Which is why I was surprised on Monday when six out of twenty graduates invited to come along, didn’t turn up for the Taylor Bennett Foundation assessment day.  Two¸I believe, had genuine reasons not to be there but the other four contacted us after 8pm on the day before to say they  wouldn’t be turning up.  One said “I’ve had a change of circumstance”.  What could possibly change on a Sunday night that they didn’t know about on the Friday?

 

None of them had the balls to call us on the phone.  Even the two with genuine reasons. They all sent vague emails.  That really grips my shit.  It’s rude, and cowardly.  Although in the past we’ve had some who haven’t turned up and haven’t bothered to contact us at all and that is unforgiveable.

 

To get an assessment invitation they had to fill in a very very long application form.  It is deliberately long to test commitment to the programme and to give me the opportunity to check out whether they write well and whether they have the right motivation to be selected.  Then they have to attend a two hour pre-assessment briefing where they are given a rundown of what the assessment day entails and a presentation topic which they have to spend several hours preparing in advance.  Finally, they have to complete a 30 minute online personality suitability test.  It’s hardcore.  It’s detailed.  It’s designed for us to get the best.  These six graduates completed all these stages and yet still didn’t show for the assessment.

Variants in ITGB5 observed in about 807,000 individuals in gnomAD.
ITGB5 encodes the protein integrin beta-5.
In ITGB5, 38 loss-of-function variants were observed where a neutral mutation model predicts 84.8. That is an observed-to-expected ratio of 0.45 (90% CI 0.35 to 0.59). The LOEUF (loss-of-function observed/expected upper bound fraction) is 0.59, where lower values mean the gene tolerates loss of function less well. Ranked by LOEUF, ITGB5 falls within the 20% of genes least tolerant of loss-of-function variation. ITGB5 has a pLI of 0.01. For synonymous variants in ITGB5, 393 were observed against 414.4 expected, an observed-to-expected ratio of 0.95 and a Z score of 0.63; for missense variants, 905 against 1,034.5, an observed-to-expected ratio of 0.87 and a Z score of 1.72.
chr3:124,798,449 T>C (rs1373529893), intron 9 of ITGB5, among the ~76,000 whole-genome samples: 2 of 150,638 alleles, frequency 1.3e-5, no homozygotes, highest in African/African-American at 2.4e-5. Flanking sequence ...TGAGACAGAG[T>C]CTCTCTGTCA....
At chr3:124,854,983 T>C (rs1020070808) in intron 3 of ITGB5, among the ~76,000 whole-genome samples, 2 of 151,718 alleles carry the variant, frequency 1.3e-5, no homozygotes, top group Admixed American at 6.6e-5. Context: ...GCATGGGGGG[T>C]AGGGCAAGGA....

They are told, even if they don’t secure one of the eight coveted spots on our programme we will give them very detailed and honest feedback.  This takes considerable time and effort by our assessors and our Programme Manager who has to collate all of the handwritten notes from the day.  It is feedback they are never likely to get anywhere else.  It is unique to us and it is our way of helping more than just the graduates who join us for the ten week traineeship.  Only about one in ten grads bother to reply to us to say thank you for the feedback.  Manners, it seems, are not taught at university.

 

If I were a grad in this economic climate, I would have to be on my deathbed to not to turn up to such an amazing opportunity.

 

In a way, those graduates did us a favour.  It saved us the job of weeding them out as unreliable and uncommitted during the assessment process.  However, they did not do other grads a favour.  If they had given us enough notice – say, Friday lunchtime – then we could have invited others to have taken their place and have a shot at getting a place on the TBF programme.

 

So if they apply again, their applications will automatically go in the bin.  We don’t take rude and selfish people at the Taylor Bennett Foundation, and I suspect other employers won’t either.